It creeps into consciousness sometime in mid-to-late September. By mid-November, partners in firms everywhere are feeling either personal or institutional pressure (or both) to come up with a business development plan for the coming year.

If you’re in the midst of this planning, you’ve happened onto the fourth installment in a series on building a business development plan. The objective is to provide a real-world framework for planning that does more than go through motions that result in a document that is largely irrelevant, having no impact on either business development or the bottomline.

We’re outlining a proactive approach that leverages the resources you have — however robust or constrained — and provides a roadmap for effective and efficient efforts.

That’s an easy line to type. But this is not a suggestion that creating a plan that works is easy. It isn’t. Not because it is rocket science; but because it requires regular attention to a thought process and action items that are typically nowhere close to what most professional service provides would otherwise choose to be working on.

But with that disclaimer, it is emphatically doable. If you missed the early installments, here is where you’ll find Part 1, Part 2 and Part 3.

Today’s installment — Part 4 — is about creating visibility.

This may feel like more comfortable ground. It is, after all, (unfortunately) where many marketing, business development and sales efforts tend to focus first — and where conversations tend to linger…in search of a silver bullet. It often begins with something like “we just need to get our name out there…”

The unspoken implication is that brand visibility would make the development of new business a breeze. Or at least easier.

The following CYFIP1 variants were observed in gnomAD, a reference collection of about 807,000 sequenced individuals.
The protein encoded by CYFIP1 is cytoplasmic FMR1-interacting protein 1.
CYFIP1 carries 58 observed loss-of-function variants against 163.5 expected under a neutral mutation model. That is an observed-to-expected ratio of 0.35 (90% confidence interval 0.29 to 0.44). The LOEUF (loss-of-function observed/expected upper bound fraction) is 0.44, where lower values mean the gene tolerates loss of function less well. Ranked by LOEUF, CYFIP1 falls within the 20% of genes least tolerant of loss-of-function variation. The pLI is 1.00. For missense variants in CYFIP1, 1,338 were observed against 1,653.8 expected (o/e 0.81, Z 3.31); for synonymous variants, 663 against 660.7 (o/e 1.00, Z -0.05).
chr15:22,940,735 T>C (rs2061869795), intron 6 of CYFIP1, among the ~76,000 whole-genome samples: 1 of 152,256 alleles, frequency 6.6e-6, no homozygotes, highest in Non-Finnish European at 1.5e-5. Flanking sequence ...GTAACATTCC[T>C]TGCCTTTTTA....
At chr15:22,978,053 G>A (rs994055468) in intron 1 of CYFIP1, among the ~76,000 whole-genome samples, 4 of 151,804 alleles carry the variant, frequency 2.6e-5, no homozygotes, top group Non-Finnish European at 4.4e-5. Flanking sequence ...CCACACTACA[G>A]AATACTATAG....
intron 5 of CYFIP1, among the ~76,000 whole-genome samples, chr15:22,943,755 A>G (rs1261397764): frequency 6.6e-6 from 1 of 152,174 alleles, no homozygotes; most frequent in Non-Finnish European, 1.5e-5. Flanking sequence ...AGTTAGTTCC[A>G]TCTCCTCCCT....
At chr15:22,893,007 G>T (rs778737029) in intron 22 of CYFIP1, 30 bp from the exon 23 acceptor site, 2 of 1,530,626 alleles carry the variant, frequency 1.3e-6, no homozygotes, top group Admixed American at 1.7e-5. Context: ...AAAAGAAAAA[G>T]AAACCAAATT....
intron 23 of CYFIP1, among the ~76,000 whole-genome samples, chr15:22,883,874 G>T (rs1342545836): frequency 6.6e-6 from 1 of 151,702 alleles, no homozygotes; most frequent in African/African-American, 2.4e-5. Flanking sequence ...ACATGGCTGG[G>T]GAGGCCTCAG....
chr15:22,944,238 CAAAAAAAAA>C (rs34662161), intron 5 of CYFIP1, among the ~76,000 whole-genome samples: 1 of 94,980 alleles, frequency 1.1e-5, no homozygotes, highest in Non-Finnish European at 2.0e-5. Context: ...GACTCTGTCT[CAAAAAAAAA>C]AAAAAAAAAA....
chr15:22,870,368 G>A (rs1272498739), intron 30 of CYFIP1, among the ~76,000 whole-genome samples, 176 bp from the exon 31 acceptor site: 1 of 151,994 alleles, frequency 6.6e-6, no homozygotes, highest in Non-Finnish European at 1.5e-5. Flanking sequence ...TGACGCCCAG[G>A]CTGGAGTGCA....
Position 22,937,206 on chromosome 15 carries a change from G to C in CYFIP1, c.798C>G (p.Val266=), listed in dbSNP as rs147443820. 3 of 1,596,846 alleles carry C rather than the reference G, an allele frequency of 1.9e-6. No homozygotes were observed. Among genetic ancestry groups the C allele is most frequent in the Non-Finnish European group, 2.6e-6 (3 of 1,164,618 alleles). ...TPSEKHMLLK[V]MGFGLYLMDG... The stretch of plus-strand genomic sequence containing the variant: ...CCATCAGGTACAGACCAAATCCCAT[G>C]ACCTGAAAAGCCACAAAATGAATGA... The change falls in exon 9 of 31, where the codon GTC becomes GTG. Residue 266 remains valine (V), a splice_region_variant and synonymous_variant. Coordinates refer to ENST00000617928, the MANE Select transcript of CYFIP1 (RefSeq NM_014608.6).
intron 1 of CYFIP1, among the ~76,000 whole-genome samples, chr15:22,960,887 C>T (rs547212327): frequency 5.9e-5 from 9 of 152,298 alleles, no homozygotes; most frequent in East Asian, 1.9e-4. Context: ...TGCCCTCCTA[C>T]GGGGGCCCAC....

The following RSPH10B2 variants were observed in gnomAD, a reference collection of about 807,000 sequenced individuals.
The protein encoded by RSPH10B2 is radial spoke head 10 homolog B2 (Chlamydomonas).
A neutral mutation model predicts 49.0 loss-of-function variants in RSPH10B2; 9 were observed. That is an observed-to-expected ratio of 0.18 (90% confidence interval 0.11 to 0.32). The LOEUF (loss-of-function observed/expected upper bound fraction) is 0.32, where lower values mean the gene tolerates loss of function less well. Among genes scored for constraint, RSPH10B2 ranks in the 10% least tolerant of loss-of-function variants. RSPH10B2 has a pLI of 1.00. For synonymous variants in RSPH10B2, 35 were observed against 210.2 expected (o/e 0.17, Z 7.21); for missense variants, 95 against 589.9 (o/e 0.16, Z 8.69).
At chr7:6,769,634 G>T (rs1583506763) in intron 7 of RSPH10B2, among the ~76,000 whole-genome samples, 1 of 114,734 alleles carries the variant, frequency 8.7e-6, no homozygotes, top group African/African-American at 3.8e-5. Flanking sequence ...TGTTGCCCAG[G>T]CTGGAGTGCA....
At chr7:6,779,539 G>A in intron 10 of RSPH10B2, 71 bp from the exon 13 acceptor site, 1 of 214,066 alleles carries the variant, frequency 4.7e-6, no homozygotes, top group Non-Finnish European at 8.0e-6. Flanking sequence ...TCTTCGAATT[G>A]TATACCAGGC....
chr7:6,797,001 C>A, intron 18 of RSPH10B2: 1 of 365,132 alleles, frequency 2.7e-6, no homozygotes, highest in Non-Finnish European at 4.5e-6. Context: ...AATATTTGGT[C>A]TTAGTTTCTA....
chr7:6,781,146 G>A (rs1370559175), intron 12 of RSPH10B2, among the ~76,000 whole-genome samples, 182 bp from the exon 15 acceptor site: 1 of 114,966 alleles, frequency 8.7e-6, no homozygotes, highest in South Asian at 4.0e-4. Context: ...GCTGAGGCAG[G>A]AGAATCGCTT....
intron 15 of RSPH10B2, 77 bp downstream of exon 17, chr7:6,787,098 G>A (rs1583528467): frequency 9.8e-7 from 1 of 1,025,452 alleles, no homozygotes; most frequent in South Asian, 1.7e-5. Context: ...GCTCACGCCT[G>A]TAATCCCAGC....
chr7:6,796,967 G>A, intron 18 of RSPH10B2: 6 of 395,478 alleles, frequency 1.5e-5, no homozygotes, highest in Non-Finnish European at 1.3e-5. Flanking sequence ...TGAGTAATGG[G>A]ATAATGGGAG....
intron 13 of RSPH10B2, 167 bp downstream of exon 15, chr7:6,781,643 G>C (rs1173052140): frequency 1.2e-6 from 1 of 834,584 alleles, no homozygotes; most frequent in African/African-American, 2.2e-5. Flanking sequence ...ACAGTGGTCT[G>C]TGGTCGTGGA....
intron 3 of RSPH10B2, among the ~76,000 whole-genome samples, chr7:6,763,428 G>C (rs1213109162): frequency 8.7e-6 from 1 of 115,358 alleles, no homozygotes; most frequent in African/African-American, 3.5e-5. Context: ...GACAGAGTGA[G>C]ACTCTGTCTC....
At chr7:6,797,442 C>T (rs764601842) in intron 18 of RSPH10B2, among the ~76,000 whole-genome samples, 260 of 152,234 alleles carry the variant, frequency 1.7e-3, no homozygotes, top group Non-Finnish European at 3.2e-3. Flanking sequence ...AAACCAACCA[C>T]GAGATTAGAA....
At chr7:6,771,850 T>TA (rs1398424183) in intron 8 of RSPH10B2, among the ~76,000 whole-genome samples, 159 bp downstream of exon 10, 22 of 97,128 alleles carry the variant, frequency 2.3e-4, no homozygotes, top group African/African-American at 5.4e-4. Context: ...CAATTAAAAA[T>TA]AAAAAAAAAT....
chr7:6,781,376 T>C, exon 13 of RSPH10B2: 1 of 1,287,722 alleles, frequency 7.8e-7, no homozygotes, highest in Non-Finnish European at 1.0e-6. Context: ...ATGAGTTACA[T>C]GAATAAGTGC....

As ineffective as it is, the conversation is irresistible. We have scores of tools at our fingertips. Place the right ads, sponsor all the big events, have the best tag line, and then…when the market needs what we offer…we’ll be the logical choice.

But We’re Not Apple. And We’re Not Selling Phones

Don’t get me wrong. When it comes to creating awareness, there is little doubt about the effectiveness of broad-casting — spreading the word far and wide, via any means available. The only trick is that in order to be effective this plan requires time (for repeated messaging) and the budget necessary to carve out shelf space in the consciousness of potential clients — enough space to be top-of-mind when a potential client needs the service you provide.

For firms located in a mid-sized market, the budget for this kind of visibility will run well into seven figures annually; and one year won’t create the ever-present-awareness necessary, so be prepared to make this investment year after year. Firms competing in a major market (or multiple markets) should be thinking in terms of multiples of that seven figure budget..

No problem if you’re 1) working with an Apple-like budget; 2) already enjoy measurable brand recognition; and 3) are selling a commodity.

Most professional service firms — probably including yours — are not willing or are not in a position to make the kind of budget commitment necessary to create a dent in the visibility universe.

So if shouting from the rooftops isn’t the answer, how do we address the need for visibility when it comes to the marketing and business development challenge in a highly competitive marketplace?

Cue The Broken Record

The good news is that we’ve already covered the basic building block when it comes to addressing the challenge of visibility. In Part 2 of this series we dealt with what lies at the heart of an effective approach — the strategic selection of specific targets. This can prove to be a problem for a number of reasons. For starters, it is in stark contrast to the approach that says “my-ideal-client-is-anyone-who-needs-the-service-I-provide — so let’s just get the word out.”

Anyone still clinging to this as a viable go-to-market methodology will continue to be frustrated by (or scoff at) strategic business development planning conversations. If you are unable to name specific targets, you are operating in a reactive arena…hoping the market brings you an opportunity.

On the other hand, it is completely possible to create awareness and visibility among the targets you’ve identified.